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This Week in Bioethics

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1. Priorities at the VA The department of veterans affairs this week released the preliminary results of a new study on suicide among veterans. “In 2014, the latest year available, more than 7,400 veterans took their own lives, accounting for 18 percent of all suicides in America. Veterans make up less than 9 percent of […]

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This Week in Bioethics

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1.  Can You Imagine That Anonymous Sperm and Egg “Donation” are a Problem? CBS’s Sunday Morning program this week ran an item on “The Flourishing Business of Building Family Trees,” highlighting widespread interest in genealogy and the businesses that are helping people in their searches. The report is bookended by the moving story of 55 […]

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This Week in Bioethics

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1. Surrogacy Bill Becomes Law in Louisiana Louisiana Governor Edwards has signed into law a bill that makes surrogacy contracts enforceable in his state. Former Louisiana Governor Jindal vetoed similar legislation in 2013 and 2014, and we were hopeful that the new governor and his staff would also be attentive to the strong arguments against […]

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This Week in Bioethics

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1. Surrogate Custody Battle Moves Forward Melissa Cook, whose story we broke, is moving forward with her custody battle for the triplets she carried as a gestational surrogate for a single man. Melissa’s case brought international attention after the intended father demanded she abort one of the babies because he was worried about the realities […]

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This Week in Bioethics

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1. Euthanasia Expansion If you need any evidence that the arguments in support of euthanasia or assisted-suicide are specious, read this story. A young woman in the Netherlands chose euthanasia by lethal injection. What was her terminal illness? She didn’t have one. Did she have less than six months to live? There is no evidence […]

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Wounded Vets Don’t Need Taxpayer Funded IVF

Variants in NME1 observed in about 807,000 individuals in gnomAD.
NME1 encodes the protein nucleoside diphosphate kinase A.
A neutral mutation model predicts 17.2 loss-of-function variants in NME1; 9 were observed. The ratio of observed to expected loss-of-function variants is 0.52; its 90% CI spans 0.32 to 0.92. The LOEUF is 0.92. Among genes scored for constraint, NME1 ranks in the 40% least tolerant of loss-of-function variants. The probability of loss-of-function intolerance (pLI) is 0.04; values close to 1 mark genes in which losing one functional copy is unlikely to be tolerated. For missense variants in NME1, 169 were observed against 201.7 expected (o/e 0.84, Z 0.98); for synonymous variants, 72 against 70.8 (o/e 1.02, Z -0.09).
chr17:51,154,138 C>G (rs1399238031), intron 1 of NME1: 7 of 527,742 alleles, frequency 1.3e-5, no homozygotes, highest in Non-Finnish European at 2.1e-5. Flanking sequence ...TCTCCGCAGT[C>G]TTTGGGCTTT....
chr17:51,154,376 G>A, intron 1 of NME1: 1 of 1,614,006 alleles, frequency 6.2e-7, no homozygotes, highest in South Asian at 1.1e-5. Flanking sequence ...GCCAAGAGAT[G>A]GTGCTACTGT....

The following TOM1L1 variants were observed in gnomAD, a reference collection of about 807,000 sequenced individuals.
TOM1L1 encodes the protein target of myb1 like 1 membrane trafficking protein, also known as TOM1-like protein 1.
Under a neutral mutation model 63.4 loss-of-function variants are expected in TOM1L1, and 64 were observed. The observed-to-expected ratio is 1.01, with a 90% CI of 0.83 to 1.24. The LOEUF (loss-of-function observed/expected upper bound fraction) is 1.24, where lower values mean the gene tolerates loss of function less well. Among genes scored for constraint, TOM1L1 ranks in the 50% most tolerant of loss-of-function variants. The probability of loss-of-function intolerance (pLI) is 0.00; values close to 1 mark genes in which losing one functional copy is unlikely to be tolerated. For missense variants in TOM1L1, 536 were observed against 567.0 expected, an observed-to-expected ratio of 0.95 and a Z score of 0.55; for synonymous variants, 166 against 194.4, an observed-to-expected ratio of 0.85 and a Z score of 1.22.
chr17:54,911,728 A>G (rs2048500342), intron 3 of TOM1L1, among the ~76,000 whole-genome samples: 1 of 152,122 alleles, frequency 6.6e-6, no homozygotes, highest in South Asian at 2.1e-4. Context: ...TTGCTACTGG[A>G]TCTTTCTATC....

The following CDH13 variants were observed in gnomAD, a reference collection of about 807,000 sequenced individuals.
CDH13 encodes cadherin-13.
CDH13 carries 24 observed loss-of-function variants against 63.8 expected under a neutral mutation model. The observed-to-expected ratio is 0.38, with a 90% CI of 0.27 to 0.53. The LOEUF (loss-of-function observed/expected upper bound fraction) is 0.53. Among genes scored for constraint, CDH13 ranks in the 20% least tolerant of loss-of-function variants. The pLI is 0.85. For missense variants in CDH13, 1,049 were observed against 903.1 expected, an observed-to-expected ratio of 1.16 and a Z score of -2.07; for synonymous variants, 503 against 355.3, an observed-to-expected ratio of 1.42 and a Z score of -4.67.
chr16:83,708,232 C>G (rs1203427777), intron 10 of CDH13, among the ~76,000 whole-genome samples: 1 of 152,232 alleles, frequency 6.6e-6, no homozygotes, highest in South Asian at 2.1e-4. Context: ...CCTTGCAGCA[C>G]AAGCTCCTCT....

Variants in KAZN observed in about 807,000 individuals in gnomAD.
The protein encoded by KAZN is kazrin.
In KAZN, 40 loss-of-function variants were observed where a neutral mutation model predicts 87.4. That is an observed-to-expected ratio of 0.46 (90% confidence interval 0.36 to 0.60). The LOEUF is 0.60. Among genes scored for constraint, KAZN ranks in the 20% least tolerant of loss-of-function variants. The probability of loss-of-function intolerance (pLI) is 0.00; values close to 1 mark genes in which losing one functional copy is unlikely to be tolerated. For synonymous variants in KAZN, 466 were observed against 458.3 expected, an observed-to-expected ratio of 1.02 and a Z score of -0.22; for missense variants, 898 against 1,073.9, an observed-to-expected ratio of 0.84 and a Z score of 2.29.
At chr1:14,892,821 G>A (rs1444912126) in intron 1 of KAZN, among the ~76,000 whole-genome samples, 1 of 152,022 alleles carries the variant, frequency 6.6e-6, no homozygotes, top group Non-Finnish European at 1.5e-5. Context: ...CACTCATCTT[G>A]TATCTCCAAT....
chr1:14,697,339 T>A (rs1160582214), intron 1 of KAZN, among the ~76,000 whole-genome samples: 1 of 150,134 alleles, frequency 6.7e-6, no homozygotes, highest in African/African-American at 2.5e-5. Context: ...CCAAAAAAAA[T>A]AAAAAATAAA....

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I’ll be in DC next week for a bunch of meetings, mostly speaking with people about a bill that provides $3.4 billion in additional care for vets. I am involved because the bill currently includes an amendment to provide IVF benefits to wounded vets. These sorts of policy battles always start out with a rough […]

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The Cold Chain of Precious Cargo

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Wired has just published a close look at the global cold chain of eggs, sperm, and embryos headed to the latest destination where paid surrogacy is legal: “Inside the Hidden Global Supply Chain for Frozen Sperm, Eggs, and Embryos.” Typically, a cold chain is the transportation of things that have a limited shelf-life. Think food […]

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This Week in Bioethics

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1. Physician Assisted Suicide Pills Made Cheaper Who doesn’t love a sale?! A new cocktail of drugs has been devised to make physician assisted suicide even cheaper in Washington State. Whereas the previous prescription would cost somewhere between $2,000-$5,000, the new mix is now priced at $500—a real steal! It’s no wonder why governments around […]

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Everybody Loves a Sale

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In our documentary film Breeders?, one of the fertility doctors commenting on the high likelihood of twins in surrogate pregnancies joked that everybody loves a sale—her way of downplaying the fact that many intended parents seeking one child via surrogacy end up with two (or more). Now, in the United Kingdom, a fertility clinic is […]